Things have been quiet since the presentation of the report on abuse in the youth care sector. ‘Deafeningly quiet’ in fact, thinks Rieke Samson, chair of the committee that presented the report in October 2012. ‘This is only partly true’, counters Greetje Timmerman, Professor of Youth Sociology at the University of Groningen, ‘there is also an opportunity to improve youth care in the short term on the basis of thorough research.’
‘There is clearly a will to do so. The Netherlands Association of Universities of Applied Sciences [HBO-raad] has already discussed modifications to the training programmes for youth care workers and the Ministry of Health, Welfare and Sport
has also voiced its desire to set up improvement programmes. An important cause of abuse in youth care is group dynamics: more than half of the abuse reported involved sexually deviant behaviour among children and adolescents themselves. Group leaders often lack the expertise to distinguish between normal juvenile behaviour and coercive and inappropriate conduct.’
‘Little is known about group dynamics as yet, but research on this phenomenon could result in interesting knowledge and insights in the short term. The results could be incorporated in training modules for degree programmes and extra training for the group leaders. The research should also try to discover how group processes can be influenced. An obvious experiment would be to start up single-sex groups. Does separating boys and girls result in a safer environment? The Samson report revealed that opinions are divided on this question. Some care workers want to separate the girls from the boys because a proportion of the girls indicate they prefer this option. This preference is most commonly heard if they have a history of prostitution, for example. Other care workers prefer to keep the two sexes together.’
‘Another option is to separate the groups on the basis of age. Combining 13 and 14-year-old girls with boys of 17 and 18 may well create unsafe situations. Research on such options can be conducted in the short term and the results can be used immediately, because alternative group structures are simple to create within the existing structures. Many of the recommendations in the Samson committee’s report involve a change of culture in the youth care sector, which is only achievable in the long term. Changes in group dynamics and extra training for group leaders will show results much faster. Furthermore, such changes will also contribute to changing the culture in the sector.’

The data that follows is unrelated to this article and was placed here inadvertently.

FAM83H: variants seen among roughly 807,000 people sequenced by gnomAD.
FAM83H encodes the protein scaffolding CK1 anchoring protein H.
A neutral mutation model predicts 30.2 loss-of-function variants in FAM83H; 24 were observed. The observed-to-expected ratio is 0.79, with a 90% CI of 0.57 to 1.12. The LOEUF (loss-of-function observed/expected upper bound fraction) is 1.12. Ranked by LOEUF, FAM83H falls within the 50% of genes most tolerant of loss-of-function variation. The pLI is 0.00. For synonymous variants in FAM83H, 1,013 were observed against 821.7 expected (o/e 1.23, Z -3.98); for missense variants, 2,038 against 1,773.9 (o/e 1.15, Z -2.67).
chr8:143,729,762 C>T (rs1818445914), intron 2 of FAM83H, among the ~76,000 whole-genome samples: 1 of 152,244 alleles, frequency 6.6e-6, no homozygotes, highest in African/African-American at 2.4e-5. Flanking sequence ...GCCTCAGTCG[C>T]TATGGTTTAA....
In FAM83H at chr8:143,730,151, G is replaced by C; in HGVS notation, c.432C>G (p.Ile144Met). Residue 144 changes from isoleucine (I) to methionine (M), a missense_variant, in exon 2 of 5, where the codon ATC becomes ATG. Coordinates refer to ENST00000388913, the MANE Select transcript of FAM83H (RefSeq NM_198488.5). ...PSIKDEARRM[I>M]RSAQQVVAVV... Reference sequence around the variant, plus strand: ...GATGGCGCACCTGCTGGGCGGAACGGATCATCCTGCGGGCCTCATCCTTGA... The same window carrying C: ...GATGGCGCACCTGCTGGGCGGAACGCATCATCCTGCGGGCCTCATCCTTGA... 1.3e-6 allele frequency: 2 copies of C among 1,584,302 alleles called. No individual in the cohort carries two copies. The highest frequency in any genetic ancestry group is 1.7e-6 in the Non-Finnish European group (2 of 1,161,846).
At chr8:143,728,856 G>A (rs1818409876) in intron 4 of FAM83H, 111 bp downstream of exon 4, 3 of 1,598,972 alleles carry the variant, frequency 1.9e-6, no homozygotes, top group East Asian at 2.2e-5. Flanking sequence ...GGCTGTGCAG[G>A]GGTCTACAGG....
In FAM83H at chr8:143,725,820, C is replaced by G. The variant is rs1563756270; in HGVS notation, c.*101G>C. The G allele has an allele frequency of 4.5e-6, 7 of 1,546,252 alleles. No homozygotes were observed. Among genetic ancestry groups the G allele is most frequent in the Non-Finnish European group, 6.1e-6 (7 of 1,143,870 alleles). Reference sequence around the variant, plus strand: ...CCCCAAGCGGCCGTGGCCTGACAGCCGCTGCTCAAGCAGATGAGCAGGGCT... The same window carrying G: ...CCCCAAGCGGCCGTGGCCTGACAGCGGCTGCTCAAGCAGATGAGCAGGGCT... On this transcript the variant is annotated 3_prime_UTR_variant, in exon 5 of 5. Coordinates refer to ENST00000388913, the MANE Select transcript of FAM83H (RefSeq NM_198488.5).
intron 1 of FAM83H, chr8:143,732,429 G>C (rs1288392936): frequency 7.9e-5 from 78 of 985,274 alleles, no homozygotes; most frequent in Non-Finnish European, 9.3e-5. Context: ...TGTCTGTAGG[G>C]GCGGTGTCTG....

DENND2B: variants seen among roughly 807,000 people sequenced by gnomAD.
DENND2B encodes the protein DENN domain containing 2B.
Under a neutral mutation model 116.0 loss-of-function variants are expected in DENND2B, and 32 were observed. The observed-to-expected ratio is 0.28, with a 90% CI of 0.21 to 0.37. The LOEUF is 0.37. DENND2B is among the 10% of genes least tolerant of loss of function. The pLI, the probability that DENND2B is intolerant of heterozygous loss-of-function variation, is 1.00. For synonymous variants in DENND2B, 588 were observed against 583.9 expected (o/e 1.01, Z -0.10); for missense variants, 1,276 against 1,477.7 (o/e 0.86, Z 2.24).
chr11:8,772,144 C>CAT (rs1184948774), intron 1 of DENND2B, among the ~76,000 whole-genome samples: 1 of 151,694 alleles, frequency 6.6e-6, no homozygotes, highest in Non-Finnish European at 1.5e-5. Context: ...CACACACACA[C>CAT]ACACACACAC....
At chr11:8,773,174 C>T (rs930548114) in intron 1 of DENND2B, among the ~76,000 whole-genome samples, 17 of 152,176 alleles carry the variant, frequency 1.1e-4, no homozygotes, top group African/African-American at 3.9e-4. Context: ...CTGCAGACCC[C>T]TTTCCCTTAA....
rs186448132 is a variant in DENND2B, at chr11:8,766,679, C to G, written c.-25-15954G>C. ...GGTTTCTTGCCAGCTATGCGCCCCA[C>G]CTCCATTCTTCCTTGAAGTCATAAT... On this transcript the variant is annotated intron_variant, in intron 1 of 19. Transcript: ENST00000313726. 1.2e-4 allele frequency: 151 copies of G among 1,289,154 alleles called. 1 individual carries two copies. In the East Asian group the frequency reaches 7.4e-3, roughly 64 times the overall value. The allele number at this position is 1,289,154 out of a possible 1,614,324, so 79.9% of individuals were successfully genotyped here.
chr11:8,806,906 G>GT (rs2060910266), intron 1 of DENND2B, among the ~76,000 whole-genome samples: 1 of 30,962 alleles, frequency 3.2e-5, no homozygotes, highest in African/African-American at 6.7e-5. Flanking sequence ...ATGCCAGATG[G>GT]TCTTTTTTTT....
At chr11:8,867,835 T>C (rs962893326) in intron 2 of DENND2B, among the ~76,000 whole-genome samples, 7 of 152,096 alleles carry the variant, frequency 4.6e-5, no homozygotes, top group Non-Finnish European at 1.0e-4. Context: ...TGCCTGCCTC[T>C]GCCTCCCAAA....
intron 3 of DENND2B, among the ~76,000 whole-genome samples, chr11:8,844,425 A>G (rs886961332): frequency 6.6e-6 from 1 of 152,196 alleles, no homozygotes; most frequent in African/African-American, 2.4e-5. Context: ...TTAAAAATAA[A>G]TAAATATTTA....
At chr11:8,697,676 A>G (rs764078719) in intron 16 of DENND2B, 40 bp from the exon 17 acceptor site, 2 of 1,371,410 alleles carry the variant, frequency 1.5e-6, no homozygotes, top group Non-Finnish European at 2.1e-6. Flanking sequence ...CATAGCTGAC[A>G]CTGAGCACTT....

‘The youth care sector is about to undergo a major structural change – again. The problem is that this change is focussed – as such changes so often are – on the organizational and administrative aspect of youth care. As such, the core of the problem – providing a safe learning environment for vulnerable youths – does not get the full attention it deserves.
The Scientific Council for Government Policy noted many years ago that the youth care sector in fact lacks pedagogical vision. The current structural changes in the youth care sector should be focussed on this aspect. What do the children in the care of the youth care sector need for their development? What are the criteria for creating a good pedagogical and safe environment for these children?’
The Samson committee’s report has already resulted in many changes: there is help for the victims of abuse in youth care, there is a telephone number for complaints, etc. But now is the time to really make youth care safer. The ministry itself will need to initiate new research aimed at increasing safety in the sector. The information I am receiving reveals that they are keen to do something about this, but that the decision-making is taking some time. This is why the impression has been created that nothing is being done with the Samson committee’s recommendations. Likewise, the new committee led by André Rouvoet and established to implement the recommendations has not made itself heard yet either. The ministry and the Rouvoet committee should inform us of what they are doing right now – albeit behind the scenes – and so break this “deafening quiet”.’
Prof. Greetje Timmerman is a Professor of Youth Sociology at the University of Groningen. She was responsible for part of the research for the Samson committee. See also Timmerman’s staff page for more information about her research for the Samson committee or read the press release of 8 October 2012 on the presentation of the Samson report: ‘Radical change needed in youth care’.
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